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Marcos sins, victims’ woes to be taught in schools

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JAILED TWICE One of the victims of martial law abuses, Carmencita Florentino, 64, is shown peering through the screen door of her home in a poor area of Tatalon, Quezon City. More than 9,000 victims stand to receive compensation from the $246-million fund the government recovered from the Marcos wealth. Florentino was jailed twice, in 1977 and 1978. Bullit Marquez/AP

Never again.

So the nation will remember not to forget, a bill that recognizes for the first time that the Ferdinand Marcos dictatorship committed atrocities against Filipinos also mandates the teaching in schools of the abuses inflicted on its opponents and the heroism of those who fought the regime.

The bill, ratified by the two chambers of Congress on Monday and awaits the signing into law by President Aquino, creates the Human Rights Violations Victims’ Memorial Commission and lays down guidelines for monetary reparations to the victims from a P10-billion fund out of the ill-gotten wealth recovered from Marcos.

The memorial commission is tasked with collaborating with the Department of Education and the Commission on Higher Education (CHEd) “to ensure that the teaching of martial law atrocities, the lives and sacrifices of [victims of human rights violations] in our history are included in the basic, secondary, and tertiary education curricula.”

The memorial commission will also establish, restore, and preserve a memorial, museum, library and compendium in honor of the victims as outlined in the policy statement of the bill, called The Human Rights Victims Reparation and Recognition Act of 2013.

The bill states: “It is hereby declared the policy of the state to recognize the heroism and sacrifices of all Filipinos who were victims of summary execution, torture, enforced or involuntary disappearance and other gross human rights violations committed during the regime of former President Ferdinand E. Marcos covering the period from Sept. 21, 1972, to Feb. 25, 1986, and restore the victims’ honor and dignity.”

The memorial commission will be run by a board of trustees led by the Commission on Human Rights chair, and composed of the secretary of education, heads of the National Historical Commission, the CHEd, the National Commission on Culture and the Arts, and the University of the Philippines-Diliman Main Library.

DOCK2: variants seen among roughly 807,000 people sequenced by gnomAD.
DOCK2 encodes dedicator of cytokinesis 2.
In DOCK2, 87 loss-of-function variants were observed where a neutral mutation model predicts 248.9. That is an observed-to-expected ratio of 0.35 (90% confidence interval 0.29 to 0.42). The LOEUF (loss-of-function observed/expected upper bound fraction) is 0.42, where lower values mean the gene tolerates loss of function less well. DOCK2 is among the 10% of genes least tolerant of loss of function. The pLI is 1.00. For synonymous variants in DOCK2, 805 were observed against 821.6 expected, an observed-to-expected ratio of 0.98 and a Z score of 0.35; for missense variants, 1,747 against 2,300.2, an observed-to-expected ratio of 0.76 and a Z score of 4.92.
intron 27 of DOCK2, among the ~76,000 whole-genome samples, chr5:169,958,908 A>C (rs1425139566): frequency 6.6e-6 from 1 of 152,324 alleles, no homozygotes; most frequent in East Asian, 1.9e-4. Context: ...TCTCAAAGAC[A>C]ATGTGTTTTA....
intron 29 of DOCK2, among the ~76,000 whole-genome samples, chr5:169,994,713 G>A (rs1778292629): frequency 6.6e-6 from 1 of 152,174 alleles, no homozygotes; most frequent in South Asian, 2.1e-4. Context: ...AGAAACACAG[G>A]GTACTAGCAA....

Roll of victims

The bill also creates the Human Rights Victims’ Claims Board, an independent and quasi-judicial body tasked with receiving, evaluating, processing and investigating the applications for monetary compensation.

The board is also called upon to draw up a “Roll of Human Rights Victims,” regardless of whether they sought reparation or not, to be displayed in government offices. A compendium of the victims’ sacrifices will also be prepared and posted on the Internet, the bill states.

The President will choose the nine members of the board, and human rights organizations may submit a list of nominees.

The board must complete its work within two years from the effectivity of implementing rules and regulations concerning the measure.

A martial law victim may file an application for reparation with the board within six months from the effectivity of the implementing rules, according to the bill. Failure to do so within that period will be deemed a waiver.

For the victims who are deceased, incapacitated, or missing due to enforced disappearance, their legal heirs or representatives may file an application for reparation on their behalf.

Any application may be opposed if the challenge is filed within 15 days from publication of the official list of eligible claimants. Those found by the board to have filed fraudulent claims will be prosecuted.

Conclusive presumption

The bill also states that the 9,539 plaintiffs in the litigation against the Marcos estate in a Hawaii court will be given the conclusive presumption that they are human rights violations victims.

To be given the same presumption are those victims recognized by the Bantayog ng mga Bayani Foundation.

In determining compensation, the board will use a system assigning points—from one to 10—to each claimant depending on the severity of the abuse suffered.

Victims who died or disappeared and are still missing will be given 10 points; those who were tortured and/or raped or sexually abused will be given six to nine points; and those who were detained, three to five points.

To be awarded one to two points are those who suffered any force or intimidation leading to their voluntary exile abroad; and those who suffered force, intimidation or deceit causing the unjust or illegal takeover of a business, confiscation of property, detention of owners, or deprivation of livelihood, including those caused by the Marcoses and their immediate relatives and cronies.

To be given the same points are those who were kidnapped or whose children were exploited; those who suffered sexual offenses while detained or the subject of military and police operations, and those who suffered similar or analogous abuses.

Compensation will be made within 30 days after the board approves with finality each eligible claim and publishes it.

Originally posted: 9:14 pm | Tuesday, January 29th, 2013


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Tags: compensation , compensation to martial law victims , Congress , dictatorship , Education , Ferdinand E. Marcos , Ferdinand Marcos , Government , History , House of Representatives , Human rights , Human Rights Victims’ Claims Board , Human Rights Violation Victims’ Memorial Commission , human rights violations , Legislation , Martial law , News , Philippine Congress , remembrance , Schools , Senate , The Human Rights Victims Reparation and Recognition Act of 2013




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